9. Prospective Marriage Visa (sub 300)

    Hey, of course, that's what this forum is here for We included about a dozen pictures of us together. It's not a lot, but as snifter pointed out it's not so much quantity than quality that matters - ours showed us with friends and family (so that covers the social aspect of the relationship), and were taken over the course of our relationship (and so prove a continuous relationship).
  10. Prospective Marriage Visa (sub 300)

    Hi! We've just gone through the process, so this is based on our experience but of course each case is different. - applications lodged in the UK are processed by the Australian High Commission in London, I believe. The time frame is impossible to estimate, it depends on the backlog at the Commission, how straightforward your case is, etc. The official, global time frame is 12/15 months. Our application took 3 months. - proof that you have met in person: photos are the obvious answer. Plus bookings made for activities in common (travel, theatre etc), hotel bookings... - our CO asked specifically for photos of us together (which we had included, but I guess they were buried in the rest of the evidence), so in our case yes, it was a must. - I was quoted 295 GBP for the medical at Knightbridge Doctors clinic in London. Good luck!
  11. Front loading health check for visa

    No, a PMV/300 is a temporary visa. So I ticked temporary.
  12. Front loading health check for visa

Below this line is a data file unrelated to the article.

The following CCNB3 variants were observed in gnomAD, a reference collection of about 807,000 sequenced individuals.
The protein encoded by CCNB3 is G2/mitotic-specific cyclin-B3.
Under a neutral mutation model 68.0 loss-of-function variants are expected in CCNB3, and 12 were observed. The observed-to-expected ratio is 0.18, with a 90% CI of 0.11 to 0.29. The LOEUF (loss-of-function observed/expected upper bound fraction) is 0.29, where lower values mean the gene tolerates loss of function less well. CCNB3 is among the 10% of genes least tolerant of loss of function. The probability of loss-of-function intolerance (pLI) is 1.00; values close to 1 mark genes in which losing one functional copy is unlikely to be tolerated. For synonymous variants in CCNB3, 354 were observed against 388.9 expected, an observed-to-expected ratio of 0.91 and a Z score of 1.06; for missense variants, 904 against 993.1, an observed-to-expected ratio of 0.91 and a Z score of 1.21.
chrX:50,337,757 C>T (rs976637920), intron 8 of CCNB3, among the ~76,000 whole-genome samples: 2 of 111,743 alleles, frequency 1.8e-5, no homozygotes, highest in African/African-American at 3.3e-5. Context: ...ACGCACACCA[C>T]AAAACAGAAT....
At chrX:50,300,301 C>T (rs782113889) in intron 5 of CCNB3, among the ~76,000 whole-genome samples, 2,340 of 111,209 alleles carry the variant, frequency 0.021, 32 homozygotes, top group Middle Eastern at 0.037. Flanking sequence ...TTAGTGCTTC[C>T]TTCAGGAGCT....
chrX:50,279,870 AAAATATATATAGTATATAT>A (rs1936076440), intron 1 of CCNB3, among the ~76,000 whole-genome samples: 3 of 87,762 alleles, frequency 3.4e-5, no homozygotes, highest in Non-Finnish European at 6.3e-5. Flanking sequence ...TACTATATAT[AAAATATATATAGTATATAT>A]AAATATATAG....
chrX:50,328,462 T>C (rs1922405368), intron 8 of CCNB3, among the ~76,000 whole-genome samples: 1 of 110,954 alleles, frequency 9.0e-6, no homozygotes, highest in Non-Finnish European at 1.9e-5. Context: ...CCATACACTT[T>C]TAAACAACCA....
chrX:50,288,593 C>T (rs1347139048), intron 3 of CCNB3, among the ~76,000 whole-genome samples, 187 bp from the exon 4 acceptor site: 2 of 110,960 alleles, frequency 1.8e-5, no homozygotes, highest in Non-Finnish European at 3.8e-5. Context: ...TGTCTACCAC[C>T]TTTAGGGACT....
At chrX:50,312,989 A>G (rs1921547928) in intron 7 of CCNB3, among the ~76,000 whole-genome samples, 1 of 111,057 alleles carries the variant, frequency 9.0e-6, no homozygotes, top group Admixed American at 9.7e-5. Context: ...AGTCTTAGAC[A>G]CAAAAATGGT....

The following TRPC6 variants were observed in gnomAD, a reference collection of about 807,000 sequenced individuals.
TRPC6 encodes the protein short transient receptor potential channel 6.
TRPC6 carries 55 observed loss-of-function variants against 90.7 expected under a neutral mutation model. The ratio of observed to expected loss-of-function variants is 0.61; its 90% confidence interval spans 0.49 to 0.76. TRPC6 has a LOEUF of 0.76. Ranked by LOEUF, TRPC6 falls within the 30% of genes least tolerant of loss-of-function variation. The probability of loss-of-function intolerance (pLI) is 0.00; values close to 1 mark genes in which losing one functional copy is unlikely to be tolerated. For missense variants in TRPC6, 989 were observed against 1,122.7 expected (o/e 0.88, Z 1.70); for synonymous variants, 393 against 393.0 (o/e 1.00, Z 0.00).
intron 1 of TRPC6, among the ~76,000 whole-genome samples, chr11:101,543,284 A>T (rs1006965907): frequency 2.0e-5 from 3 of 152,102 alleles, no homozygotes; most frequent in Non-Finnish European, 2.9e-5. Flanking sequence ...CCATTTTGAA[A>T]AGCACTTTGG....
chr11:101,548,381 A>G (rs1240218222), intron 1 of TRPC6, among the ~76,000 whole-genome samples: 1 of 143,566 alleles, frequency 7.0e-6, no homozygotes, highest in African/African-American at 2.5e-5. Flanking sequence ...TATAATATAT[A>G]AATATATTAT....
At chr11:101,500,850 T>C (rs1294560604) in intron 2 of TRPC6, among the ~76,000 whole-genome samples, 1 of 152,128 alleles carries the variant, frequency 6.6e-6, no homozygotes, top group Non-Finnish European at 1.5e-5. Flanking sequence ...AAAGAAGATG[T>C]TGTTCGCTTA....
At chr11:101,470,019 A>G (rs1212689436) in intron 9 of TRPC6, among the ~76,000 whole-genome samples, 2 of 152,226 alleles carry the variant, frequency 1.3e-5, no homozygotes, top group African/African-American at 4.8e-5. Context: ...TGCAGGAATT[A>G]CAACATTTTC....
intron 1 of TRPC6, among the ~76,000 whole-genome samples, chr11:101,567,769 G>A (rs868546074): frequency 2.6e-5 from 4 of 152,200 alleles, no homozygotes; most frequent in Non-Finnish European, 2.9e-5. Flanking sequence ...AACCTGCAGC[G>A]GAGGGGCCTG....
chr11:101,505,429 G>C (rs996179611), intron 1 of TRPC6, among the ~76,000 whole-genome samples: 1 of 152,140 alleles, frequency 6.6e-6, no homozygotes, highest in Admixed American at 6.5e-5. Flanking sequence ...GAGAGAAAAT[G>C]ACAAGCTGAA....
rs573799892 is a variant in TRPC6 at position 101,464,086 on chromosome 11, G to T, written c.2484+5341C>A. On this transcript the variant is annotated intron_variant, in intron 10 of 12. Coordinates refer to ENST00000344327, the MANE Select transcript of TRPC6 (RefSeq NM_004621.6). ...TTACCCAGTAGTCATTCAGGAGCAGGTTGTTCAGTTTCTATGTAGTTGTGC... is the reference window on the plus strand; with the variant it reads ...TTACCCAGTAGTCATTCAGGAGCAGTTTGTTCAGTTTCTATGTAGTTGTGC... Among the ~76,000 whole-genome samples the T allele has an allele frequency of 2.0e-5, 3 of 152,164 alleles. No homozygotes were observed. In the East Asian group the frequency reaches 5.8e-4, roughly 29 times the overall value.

Form 80 is basically all the details about you and your partner. Can't remember exactly what is asked but basically I think family, employment, education, and (what can take a bit of time to fish out as for instance trips inside the EU don't earn you a stamp on your passport so it can be hard to remember the dates) your travel history for the past 10 years. It's very straightforward, it just takes time You can just google the form and download it to see exactly what they ask, and prepare it in advance so it's ready to send should they ask for it.

    I agree you should probably put kids on hold until you are more settled. My own experience is that I left my home country for the UK over a decade ago. I am from a very close-knit family and was always adamant I needed to go back at some point. I felt very homesick and holidays there always end up in tears at the airport. Yet when the opportunity came to go back a few years ago and I had to seriously sit down and think about it, I realised my country had changed and wasn't really the home I used to know. That I was looking at it with rose-tinted glasses but that the reality of the daily life would be vastly different from going there on a holiday - when you make the most of your time and tend to experience your family's best side - not the annoying bits that drive you mad! So I stayed, and have no regret so as I'm preparing to live the UK for Aus now I am not too worried about adapting. But everyone's experience is different obviously.
  14. Ahh yes that's what I figured, thanks. Kinda wakes me wish I had taken British citizenship like I was thinking a few years ago, but that can't be helped now
  15. Ooh you get access to Medicare! I thought you could only apply for it after the 820, but perhaps things are different for UK/Commonwealth citizens. Congrats on those milestones anyway! You're making really good progress in settling in I'm leaving on Sept 8th... sooo close now!